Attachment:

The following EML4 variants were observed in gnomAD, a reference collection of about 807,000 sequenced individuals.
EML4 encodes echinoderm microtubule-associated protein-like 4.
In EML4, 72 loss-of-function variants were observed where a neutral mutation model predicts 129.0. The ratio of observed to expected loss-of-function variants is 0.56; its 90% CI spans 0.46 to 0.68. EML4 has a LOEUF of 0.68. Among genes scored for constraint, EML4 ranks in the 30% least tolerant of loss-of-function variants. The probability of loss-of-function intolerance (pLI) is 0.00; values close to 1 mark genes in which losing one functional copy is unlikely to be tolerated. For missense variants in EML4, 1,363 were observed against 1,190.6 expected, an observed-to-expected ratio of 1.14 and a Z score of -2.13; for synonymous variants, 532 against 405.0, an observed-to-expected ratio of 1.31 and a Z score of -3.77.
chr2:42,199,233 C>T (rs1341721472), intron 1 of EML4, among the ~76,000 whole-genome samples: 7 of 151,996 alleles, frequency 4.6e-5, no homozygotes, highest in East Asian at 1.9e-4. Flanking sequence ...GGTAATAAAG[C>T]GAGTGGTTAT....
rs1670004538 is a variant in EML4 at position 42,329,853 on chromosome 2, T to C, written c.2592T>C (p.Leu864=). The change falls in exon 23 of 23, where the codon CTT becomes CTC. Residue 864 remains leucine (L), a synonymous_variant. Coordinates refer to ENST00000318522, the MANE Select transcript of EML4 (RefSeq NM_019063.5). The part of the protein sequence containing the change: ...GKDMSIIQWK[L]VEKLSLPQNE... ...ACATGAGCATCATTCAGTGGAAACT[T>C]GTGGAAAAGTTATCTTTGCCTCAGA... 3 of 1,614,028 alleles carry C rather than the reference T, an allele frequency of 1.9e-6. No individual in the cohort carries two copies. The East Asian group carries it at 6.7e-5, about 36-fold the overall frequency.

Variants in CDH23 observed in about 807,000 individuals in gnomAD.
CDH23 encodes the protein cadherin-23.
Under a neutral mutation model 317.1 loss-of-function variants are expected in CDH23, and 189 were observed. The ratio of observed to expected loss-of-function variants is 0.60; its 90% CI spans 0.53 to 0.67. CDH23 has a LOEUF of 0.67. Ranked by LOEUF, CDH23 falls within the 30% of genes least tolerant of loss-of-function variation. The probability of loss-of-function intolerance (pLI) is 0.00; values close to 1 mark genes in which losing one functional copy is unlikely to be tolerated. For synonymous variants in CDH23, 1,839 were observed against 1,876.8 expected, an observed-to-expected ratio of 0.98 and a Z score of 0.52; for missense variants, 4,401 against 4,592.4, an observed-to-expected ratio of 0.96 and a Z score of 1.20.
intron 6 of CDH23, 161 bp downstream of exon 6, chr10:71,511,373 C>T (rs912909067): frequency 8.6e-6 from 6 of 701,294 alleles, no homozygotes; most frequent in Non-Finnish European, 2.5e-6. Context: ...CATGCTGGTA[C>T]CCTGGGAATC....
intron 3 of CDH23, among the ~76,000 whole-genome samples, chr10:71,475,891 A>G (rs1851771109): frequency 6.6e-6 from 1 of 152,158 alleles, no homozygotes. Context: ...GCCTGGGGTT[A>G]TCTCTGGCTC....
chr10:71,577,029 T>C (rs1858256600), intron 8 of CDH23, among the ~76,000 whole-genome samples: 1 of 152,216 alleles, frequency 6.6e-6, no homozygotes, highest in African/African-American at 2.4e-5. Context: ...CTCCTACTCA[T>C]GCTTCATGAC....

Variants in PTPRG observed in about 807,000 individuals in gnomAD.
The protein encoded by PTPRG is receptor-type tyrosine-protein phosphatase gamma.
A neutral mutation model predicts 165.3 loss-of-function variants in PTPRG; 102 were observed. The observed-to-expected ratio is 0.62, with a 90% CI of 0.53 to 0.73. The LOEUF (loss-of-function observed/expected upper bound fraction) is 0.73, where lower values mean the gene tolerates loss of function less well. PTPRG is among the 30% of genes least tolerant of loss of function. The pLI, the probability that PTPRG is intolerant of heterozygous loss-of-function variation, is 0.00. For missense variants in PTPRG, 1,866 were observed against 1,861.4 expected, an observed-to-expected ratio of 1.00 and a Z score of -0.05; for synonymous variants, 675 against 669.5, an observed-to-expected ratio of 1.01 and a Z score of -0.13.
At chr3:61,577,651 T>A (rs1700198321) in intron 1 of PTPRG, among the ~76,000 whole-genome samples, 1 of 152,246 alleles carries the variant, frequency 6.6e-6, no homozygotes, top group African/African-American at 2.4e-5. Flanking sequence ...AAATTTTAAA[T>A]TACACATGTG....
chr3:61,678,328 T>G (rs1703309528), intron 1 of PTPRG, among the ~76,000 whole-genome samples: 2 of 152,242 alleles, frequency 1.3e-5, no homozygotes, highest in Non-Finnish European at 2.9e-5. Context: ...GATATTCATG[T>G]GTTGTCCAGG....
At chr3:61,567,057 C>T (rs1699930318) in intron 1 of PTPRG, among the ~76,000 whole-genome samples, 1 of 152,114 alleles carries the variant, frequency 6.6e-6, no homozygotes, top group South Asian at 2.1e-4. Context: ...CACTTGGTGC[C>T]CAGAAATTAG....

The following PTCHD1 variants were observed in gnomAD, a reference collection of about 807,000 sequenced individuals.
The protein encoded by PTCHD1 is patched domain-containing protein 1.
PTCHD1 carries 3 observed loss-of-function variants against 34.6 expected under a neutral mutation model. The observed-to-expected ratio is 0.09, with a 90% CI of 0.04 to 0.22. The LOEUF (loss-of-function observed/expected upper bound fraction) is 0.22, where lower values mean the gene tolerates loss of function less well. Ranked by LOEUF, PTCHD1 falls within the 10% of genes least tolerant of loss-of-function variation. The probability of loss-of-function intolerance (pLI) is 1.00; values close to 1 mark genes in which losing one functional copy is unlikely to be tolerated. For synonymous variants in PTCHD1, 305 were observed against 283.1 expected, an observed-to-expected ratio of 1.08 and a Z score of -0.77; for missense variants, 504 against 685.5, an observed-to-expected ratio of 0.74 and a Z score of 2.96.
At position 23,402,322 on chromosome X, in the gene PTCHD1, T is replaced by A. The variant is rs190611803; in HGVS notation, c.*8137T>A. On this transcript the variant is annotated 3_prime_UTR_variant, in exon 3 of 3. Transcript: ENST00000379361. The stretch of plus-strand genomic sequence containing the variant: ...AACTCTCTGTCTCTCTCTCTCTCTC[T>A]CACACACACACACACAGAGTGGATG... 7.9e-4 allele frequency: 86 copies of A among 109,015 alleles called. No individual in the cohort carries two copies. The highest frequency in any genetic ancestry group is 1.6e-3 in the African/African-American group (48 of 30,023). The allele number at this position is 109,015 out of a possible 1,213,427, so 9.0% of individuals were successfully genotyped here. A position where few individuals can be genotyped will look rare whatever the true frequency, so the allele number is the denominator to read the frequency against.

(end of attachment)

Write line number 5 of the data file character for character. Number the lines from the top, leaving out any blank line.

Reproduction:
rs1670004538 is a variant in EML4 at position 42,329,853 on chromosome 2, T to C, written c.2592T>C (p.Leu864=). The change falls in exon 23 of 23, where the codon CTT becomes CTC. Residue 864 remains leucine (L), a synonymous_variant. Coordinates refer to ENST00000318522, the MANE Select transcript of EML4 (RefSeq NM_019063.5). The part of the protein sequence containing the change: ...GKDMSIIQWK[L]VEKLSLPQNE... ...ACATGAGCATCATTCAGTGGAAACT[T>C]GTGGAAAAGTTATCTTTGCCTCAGA... 3 of 1,614,028 alleles carry C rather than the reference T, an allele frequency of 1.9e-6. No individual in the cohort carries two copies. The East Asian group carries it at 6.7e-5, about 36-fold the overall frequency.